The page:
TELEVISION / Under pressure from the protection racket

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The Independent Culture
A WOMAN'S GUIDE TO ADULTERY (ITV) opens with an hommage to a tampon advert - there's nothing like aiming high, is there? You may remember the ad in question - the curse was represented as a steely blue light which freeze-framed everything, including the ribbons fixed to the electric fans. Last night the red ribbons were swirling and behind the blue-tinged mosquito nets Theresa Russell was moaning gently to a naked gentleman displaying his plumber's cleavage. It didn't seem to be that time of the month.

I'm currently having problems with sanpro ads, actually. The Bodyform advert (in which a well-heeled Miami hotel guest finds the wet-back chambermaid looking quizzically at her panty-liners) is a real leap-for-the-zapper, stick-your-fingers-in-your-ears-and-hum masterpiece - one of those commercials that makes you contemplate joining a closed religious order. It isn't the soft-rock melisma on the soundtrack that gets to me ('Noooo Bo-o-dy Formmmm]') but the look of wondering gratitude on the maid's face when she's handed the product. In a just world she would snarl, 'Call this a tip, putana?' and slug her, but it never happens, of course.

These are just delaying tactics, I know. I have to write about A Woman's Guide to Adultery eventually. I will, I promise. But the digression isn't entirely off the subject. There are passages in this adaptation of Carol Clewlow's novel that have you yearning for the commercial break and even longer passages that have you checking that it hasn't already arrived. Surely this scene of vibrant commerce comes from a Gillette advert or one of those grating pieces of business machismo with which BT is trying to persuade us to further inflate its profits? Surely Sean Bean hasn't been hired as one half of the new Nescafe couple? Surely we've seen this career woman somewhere before, striding round an architect's office bellowing, 'I move with the times'?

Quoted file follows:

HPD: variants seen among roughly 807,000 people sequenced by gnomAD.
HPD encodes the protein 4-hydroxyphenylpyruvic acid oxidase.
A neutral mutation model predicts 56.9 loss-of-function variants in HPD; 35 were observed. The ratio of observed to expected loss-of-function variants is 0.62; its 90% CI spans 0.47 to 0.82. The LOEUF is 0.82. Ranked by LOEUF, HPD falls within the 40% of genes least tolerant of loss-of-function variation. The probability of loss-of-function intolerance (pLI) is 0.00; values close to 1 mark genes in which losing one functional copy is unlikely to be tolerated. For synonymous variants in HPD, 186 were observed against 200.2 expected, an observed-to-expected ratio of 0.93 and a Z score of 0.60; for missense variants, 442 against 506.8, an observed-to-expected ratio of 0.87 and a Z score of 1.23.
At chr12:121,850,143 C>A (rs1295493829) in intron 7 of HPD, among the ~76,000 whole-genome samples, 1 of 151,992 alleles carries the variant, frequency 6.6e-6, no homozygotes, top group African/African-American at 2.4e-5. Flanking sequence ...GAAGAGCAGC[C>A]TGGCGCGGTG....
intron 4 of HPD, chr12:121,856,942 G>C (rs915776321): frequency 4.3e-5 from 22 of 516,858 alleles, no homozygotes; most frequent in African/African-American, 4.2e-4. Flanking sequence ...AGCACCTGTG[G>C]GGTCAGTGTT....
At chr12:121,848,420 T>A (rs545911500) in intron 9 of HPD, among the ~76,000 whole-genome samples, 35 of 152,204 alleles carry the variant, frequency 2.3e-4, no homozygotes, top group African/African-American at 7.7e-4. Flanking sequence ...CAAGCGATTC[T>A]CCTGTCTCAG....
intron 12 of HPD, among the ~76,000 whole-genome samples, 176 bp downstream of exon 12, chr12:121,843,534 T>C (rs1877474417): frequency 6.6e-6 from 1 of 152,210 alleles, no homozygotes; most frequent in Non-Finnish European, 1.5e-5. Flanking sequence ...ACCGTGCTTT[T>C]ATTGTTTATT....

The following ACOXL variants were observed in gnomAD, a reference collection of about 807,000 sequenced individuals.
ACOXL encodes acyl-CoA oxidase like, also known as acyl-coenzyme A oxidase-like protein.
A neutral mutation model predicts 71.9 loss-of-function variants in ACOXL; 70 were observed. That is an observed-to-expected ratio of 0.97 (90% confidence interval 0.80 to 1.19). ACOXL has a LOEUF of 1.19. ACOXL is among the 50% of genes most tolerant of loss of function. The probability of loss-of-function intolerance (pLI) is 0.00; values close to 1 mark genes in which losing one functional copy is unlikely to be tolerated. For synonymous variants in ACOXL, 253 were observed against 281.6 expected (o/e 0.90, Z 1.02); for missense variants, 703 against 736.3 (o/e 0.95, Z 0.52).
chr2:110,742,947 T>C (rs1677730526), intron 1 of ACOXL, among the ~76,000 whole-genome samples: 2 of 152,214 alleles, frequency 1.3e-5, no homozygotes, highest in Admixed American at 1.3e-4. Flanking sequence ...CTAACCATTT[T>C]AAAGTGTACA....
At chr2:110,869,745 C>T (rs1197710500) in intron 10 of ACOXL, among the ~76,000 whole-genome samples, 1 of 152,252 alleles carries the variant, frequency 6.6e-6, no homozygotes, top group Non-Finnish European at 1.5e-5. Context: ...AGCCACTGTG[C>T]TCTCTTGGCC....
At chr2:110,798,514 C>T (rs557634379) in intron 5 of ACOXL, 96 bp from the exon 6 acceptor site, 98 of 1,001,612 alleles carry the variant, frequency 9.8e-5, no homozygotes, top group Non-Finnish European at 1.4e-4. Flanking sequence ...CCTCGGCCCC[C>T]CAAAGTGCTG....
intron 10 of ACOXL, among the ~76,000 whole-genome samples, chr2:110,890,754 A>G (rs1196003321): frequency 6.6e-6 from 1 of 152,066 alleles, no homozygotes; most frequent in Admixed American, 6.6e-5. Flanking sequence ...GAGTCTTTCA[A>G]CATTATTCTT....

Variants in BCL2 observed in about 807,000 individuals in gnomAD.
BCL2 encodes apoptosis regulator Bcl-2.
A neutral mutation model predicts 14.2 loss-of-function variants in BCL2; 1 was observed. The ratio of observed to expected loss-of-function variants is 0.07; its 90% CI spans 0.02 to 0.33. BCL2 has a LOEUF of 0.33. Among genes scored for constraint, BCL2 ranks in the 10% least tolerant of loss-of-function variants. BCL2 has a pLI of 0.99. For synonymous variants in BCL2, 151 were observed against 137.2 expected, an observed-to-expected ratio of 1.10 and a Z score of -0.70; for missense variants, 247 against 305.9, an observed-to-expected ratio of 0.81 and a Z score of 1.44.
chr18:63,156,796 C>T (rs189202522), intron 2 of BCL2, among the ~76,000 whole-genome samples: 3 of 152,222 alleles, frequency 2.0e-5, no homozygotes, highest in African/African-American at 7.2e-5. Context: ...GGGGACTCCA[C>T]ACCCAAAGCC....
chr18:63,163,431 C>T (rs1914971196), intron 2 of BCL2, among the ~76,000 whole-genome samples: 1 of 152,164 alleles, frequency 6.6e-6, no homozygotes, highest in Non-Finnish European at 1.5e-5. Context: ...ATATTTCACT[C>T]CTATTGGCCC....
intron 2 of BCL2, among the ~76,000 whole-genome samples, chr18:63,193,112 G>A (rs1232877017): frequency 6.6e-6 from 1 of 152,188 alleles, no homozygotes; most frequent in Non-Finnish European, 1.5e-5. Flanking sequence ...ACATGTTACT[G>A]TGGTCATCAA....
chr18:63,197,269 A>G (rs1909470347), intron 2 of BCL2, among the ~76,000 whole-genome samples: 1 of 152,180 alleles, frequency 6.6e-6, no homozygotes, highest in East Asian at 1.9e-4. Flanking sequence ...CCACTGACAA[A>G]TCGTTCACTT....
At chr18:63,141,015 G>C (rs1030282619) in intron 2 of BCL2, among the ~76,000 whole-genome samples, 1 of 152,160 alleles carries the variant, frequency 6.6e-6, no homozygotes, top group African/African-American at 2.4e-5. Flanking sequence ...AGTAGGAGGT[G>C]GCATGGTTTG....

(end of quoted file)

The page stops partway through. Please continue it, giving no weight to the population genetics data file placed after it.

The story (and there's lots of story) concerns four friends, variously hitched and half-hitched, all struggling with the 11th commandment ('Thou shalt not hurt another woman'). Helen, an ad-executive, is having an affair with nasty Ray, which makes nice Michael contemplate starting something with Ray's nice wife Sandra. Jo, a constituency agent, is having an affair with Martin, the local MP, and Jennifer, an art-teacher, is trying to have an affair with sensitive David, one of her pupils. Rose isn't having an affair with anyone yet, having framed the 11th commandment, but she is troubled by her attraction to Paul, Jennifer's brother, a hunky photography tutor given to the sort of aesthetic utterances you find on packs of herbal tea. Apart from one scene, in which the tutor offers two women a lift and they quibble awkwardly about who should be dropped off first, the caffeine of subtlety and emotional truth has been entirely removed. Millions will watch and sleep soundly despite it.

'Morning chaps and chapesses,' said the presiding detective at a meeting of the Navy's Special Investigation Bureau, demonstrating the speed with which the Navy has adapted to modern conditions. In the first half of a two-part film on naval discipline, Cutting Edge (C 4) was given access to on-board searches, disciplinary hearings and serious investigations. For the most part it appeared to be commendably human about discipline, supportive of miscreants, scrupulous in its procedures.

Unfortunately for the Navy the principal case was that of Brett Burnell, a young sailor who was the victim of an anonymous call outing him as a homosexual. The full force of the SIB swung into action to poke, pry and ask suggestive questions about a rating without a blot on his record. To be fair, a distinct lack of zeal for the dirty business was detectable even through the by-the-book manner of the detectives involved - apologetic phrases like 'whatever I think' and 'we have to follow the rules' were thick in the air. When justice sounds that shifty it's normally a fair bet that it isn't justice at all.

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